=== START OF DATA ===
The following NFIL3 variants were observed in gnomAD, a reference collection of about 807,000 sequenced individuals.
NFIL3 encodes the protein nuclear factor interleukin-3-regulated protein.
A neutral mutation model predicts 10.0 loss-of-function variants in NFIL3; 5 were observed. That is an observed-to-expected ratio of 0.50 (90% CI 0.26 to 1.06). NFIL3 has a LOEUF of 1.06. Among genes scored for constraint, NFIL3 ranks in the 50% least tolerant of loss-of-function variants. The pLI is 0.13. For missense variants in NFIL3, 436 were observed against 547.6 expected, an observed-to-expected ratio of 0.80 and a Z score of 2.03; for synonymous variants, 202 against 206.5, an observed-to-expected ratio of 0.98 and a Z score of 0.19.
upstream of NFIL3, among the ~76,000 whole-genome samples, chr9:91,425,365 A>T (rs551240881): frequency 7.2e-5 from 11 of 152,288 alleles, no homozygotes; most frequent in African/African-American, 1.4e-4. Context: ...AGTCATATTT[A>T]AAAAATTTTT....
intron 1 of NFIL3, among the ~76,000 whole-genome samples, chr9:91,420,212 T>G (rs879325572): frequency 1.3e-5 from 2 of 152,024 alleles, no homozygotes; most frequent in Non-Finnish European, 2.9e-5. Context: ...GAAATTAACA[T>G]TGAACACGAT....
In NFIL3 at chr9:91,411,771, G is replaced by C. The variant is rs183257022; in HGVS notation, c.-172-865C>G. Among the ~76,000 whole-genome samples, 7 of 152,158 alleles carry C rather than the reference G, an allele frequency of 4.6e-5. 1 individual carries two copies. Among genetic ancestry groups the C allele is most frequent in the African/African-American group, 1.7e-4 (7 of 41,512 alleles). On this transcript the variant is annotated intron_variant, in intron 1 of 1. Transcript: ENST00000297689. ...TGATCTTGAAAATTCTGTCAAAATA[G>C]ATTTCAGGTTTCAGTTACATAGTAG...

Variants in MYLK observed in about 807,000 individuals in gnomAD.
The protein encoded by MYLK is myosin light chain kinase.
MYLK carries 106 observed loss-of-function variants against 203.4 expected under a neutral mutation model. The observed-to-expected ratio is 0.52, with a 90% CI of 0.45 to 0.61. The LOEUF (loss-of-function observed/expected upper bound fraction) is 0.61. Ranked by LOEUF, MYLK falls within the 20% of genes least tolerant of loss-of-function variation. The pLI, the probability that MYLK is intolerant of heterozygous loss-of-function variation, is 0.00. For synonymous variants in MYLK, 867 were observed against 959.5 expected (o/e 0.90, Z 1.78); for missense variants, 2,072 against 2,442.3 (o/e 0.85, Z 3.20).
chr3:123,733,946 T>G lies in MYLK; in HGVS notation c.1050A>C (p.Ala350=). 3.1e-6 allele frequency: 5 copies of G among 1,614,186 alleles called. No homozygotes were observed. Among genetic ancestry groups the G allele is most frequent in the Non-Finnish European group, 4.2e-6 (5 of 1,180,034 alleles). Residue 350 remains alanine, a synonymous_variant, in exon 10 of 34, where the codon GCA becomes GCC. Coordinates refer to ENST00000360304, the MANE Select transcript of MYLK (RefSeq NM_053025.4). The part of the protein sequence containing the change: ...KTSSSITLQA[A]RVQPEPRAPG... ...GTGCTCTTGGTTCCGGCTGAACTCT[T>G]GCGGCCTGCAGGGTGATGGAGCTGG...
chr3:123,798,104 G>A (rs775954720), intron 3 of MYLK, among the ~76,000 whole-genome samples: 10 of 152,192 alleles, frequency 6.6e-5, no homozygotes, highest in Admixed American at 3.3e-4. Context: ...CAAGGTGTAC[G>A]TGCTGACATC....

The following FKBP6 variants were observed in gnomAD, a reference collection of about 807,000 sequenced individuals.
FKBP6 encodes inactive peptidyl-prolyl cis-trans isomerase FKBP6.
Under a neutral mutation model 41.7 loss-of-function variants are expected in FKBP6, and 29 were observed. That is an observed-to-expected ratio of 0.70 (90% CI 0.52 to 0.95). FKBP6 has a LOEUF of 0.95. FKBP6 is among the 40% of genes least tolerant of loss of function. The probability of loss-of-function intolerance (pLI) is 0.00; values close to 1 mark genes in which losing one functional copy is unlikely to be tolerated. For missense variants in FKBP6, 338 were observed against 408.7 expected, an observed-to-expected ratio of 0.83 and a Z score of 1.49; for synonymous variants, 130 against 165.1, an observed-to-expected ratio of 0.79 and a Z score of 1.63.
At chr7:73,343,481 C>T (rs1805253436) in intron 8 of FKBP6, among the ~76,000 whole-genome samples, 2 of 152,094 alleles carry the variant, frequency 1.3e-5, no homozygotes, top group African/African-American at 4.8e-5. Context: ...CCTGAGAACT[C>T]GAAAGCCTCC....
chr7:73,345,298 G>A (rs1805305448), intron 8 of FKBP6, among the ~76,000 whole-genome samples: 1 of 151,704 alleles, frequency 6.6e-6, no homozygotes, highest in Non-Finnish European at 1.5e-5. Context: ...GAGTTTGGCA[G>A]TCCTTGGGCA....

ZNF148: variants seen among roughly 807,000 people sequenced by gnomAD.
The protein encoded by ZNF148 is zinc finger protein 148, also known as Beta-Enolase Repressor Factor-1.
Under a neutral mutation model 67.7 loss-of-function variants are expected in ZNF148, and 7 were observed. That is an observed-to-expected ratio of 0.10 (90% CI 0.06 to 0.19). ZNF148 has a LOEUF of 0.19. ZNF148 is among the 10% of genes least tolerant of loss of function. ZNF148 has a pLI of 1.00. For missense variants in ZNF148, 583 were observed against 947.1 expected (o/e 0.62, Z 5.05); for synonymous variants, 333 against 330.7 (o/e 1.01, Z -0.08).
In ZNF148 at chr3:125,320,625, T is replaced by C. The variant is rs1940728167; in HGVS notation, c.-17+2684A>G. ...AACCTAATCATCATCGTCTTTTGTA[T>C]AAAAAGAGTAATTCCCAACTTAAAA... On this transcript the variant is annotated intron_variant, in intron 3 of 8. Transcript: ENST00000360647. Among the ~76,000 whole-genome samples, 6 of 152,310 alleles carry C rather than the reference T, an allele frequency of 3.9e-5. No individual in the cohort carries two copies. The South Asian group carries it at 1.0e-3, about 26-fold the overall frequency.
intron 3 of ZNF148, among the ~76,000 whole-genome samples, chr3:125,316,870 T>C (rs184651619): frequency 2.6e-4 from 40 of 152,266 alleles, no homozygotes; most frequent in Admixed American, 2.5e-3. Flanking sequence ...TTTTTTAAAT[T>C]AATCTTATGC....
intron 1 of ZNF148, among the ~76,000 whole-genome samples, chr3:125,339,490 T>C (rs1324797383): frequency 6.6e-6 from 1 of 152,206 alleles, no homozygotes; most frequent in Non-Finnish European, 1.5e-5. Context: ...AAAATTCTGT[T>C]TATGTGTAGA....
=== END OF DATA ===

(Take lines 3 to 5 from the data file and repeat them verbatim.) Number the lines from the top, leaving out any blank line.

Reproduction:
A neutral mutation model predicts 10.0 loss-of-function variants in NFIL3; 5 were observed. That is an observed-to-expected ratio of 0.50 (90% CI 0.26 to 1.06). NFIL3 has a LOEUF of 1.06. Among genes scored for constraint, NFIL3 ranks in the 50% least tolerant of loss-of-function variants. The pLI is 0.13. For missense variants in NFIL3, 436 were observed against 547.6 expected, an observed-to-expected ratio of 0.80 and a Z score of 2.03; for synonymous variants, 202 against 206.5, an observed-to-expected ratio of 0.98 and a Z score of 0.19.
upstream of NFIL3, among the ~76,000 whole-genome samples, chr9:91,425,365 A>T (rs551240881): frequency 7.2e-5 from 11 of 152,288 alleles, no homozygotes; most frequent in African/African-American, 1.4e-4. Context: ...AGTCATATTT[A>T]AAAAATTTTT....
intron 1 of NFIL3, among the ~76,000 whole-genome samples, chr9:91,420,212 T>G (rs879325572): frequency 1.3e-5 from 2 of 152,024 alleles, no homozygotes; most frequent in Non-Finnish European, 2.9e-5. Context: ...GAAATTAACA[T>G]TGAACACGAT....